15 USC 794 - Energy conservation study

(a) Study of conservation methods 
The Federal Energy Administrator shall conduct a study on potential methods of energy conservation and, not later than six months after June 22, 1974, shall submit to Congress a report on the results of such study. The study shall include, but not be limited to, the following:
(1) the energy conservation potential of restricting exports of fuels or energy-intensive products, or goods, including an analysis of balance-of-payments and foreign relations implications of any such restrictions;
(2) alternative requirements, incentives, or disincentives for increasing industrial recycling and resource recovery in order to reduce energy demand, including the economic costs and fuel consumption tradeoff which may be associated with such recycling and resource recovery in lieu of transportation and use of virgin materials; and
(3) means for incentives or disincentives to increase efficiency of industrial use of energy.

view counter
(b) Emergency mass transportation assistance plan 
Within ninety days of June 22, 1974, the Secretary of Transportation, after consultation with the Federal Energy Administrator, shall submit to the Congress for appropriate action an Emergency Mass Transportation Assistance Plan for the purpose of conserving energy by expanding and improving public mass transportation systems and encouraging increased ridership as alternatives to automobile travel.
(c) Recommendations in plan 
Such plan shall include, but shall not be limited to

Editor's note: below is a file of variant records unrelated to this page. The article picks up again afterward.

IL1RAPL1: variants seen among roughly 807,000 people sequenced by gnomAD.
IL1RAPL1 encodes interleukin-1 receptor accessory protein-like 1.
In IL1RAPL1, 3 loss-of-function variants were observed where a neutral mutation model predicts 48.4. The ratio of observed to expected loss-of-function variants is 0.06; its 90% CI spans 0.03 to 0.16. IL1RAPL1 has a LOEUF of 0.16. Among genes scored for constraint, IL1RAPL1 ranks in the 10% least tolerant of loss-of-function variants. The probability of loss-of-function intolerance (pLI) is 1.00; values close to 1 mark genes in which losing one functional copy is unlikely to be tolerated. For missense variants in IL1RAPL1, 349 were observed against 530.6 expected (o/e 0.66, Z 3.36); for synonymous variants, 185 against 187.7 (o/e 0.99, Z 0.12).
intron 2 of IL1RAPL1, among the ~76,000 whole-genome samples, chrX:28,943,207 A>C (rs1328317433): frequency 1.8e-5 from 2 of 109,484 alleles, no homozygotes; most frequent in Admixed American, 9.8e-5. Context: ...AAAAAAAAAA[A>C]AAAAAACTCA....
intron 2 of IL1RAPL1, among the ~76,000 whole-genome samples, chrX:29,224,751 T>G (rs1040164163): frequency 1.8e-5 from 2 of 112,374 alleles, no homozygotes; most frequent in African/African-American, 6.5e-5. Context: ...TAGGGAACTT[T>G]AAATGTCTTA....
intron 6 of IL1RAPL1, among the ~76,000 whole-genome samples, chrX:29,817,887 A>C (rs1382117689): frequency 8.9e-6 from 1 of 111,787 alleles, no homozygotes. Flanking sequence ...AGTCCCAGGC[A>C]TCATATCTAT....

(1) recommendations for emergency temporary grants to assist States and local public bodies and agencies thereof in the payment of operating expenses incurred in connection with the provision of expanded mass transportation service in urban areas;
(2) recommendations for additional emergency assistance for the purchase of buses and rolling stock for fixed rail, including the feasibility of accelerating the timetable for such assistance under section 142 (a)(2) of title 23 for the purpose of providing additional capacity for and encouraging increased use of public mass transportation systems;
(3) recommendations for a program of demonstration projects to determine the feasibility of fare-free and low-fare urban mass transportation systems, including reduced rates for elderly and handicapped persons during nonpeak hours of transportation;
(4) recommendations for additional emergency assistance for the construction of fringe and transportation corridor parking facilities to serve bus and other mass transportation passengers;
(5) recommendations on the feasibility of providing tax incentives for persons who use public mass transportation systems.